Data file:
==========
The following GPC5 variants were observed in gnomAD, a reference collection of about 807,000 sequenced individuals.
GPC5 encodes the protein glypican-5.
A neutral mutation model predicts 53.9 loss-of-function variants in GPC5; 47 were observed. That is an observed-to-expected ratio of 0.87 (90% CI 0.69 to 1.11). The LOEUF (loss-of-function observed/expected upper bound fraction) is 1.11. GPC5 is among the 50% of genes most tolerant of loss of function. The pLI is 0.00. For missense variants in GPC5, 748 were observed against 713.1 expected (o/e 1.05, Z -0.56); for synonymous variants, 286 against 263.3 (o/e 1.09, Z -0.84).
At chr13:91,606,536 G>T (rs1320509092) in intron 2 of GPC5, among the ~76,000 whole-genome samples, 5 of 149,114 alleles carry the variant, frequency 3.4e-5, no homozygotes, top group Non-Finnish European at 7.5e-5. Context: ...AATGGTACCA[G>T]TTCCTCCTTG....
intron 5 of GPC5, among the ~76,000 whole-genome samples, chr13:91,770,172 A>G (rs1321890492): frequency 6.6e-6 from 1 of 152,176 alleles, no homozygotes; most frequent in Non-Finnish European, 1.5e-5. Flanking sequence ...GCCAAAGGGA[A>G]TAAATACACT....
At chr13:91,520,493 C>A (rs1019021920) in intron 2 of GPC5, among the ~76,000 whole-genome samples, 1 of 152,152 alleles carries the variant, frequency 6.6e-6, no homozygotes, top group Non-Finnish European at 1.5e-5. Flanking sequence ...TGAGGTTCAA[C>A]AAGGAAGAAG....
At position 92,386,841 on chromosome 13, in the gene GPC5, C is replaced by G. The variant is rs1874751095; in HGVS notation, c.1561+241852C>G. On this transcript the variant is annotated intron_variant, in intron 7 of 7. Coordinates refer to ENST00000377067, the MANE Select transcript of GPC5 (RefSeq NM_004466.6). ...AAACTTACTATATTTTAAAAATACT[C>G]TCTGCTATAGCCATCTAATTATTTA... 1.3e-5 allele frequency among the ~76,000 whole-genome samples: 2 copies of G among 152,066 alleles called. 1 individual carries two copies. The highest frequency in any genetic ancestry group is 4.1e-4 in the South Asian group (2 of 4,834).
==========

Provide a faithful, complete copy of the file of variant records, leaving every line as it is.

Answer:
The following GPC5 variants were observed in gnomAD, a reference collection of about 807,000 sequenced individuals.
GPC5 encodes the protein glypican-5.
A neutral mutation model predicts 53.9 loss-of-function variants in GPC5; 47 were observed. That is an observed-to-expected ratio of 0.87 (90% CI 0.69 to 1.11). The LOEUF (loss-of-function observed/expected upper bound fraction) is 1.11. GPC5 is among the 50% of genes most tolerant of loss of function. The pLI is 0.00. For missense variants in GPC5, 748 were observed against 713.1 expected (o/e 1.05, Z -0.56); for synonymous variants, 286 against 263.3 (o/e 1.09, Z -0.84).
At chr13:91,606,536 G>T (rs1320509092) in intron 2 of GPC5, among the ~76,000 whole-genome samples, 5 of 149,114 alleles carry the variant, frequency 3.4e-5, no homozygotes, top group Non-Finnish European at 7.5e-5. Context: ...AATGGTACCA[G>T]TTCCTCCTTG....
intron 5 of GPC5, among the ~76,000 whole-genome samples, chr13:91,770,172 A>G (rs1321890492): frequency 6.6e-6 from 1 of 152,176 alleles, no homozygotes; most frequent in Non-Finnish European, 1.5e-5. Flanking sequence ...GCCAAAGGGA[A>G]TAAATACACT....
At chr13:91,520,493 C>A (rs1019021920) in intron 2 of GPC5, among the ~76,000 whole-genome samples, 1 of 152,152 alleles carries the variant, frequency 6.6e-6, no homozygotes, top group Non-Finnish European at 1.5e-5. Flanking sequence ...TGAGGTTCAA[C>A]AAGGAAGAAG....
At position 92,386,841 on chromosome 13, in the gene GPC5, C is replaced by G. The variant is rs1874751095; in HGVS notation, c.1561+241852C>G. On this transcript the variant is annotated intron_variant, in intron 7 of 7. Coordinates refer to ENST00000377067, the MANE Select transcript of GPC5 (RefSeq NM_004466.6). ...AAACTTACTATATTTTAAAAATACT[C>G]TCTGCTATAGCCATCTAATTATTTA... 1.3e-5 allele frequency among the ~76,000 whole-genome samples: 2 copies of G among 152,066 alleles called. 1 individual carries two copies. The highest frequency in any genetic ancestry group is 4.1e-4 in the South Asian group (2 of 4,834).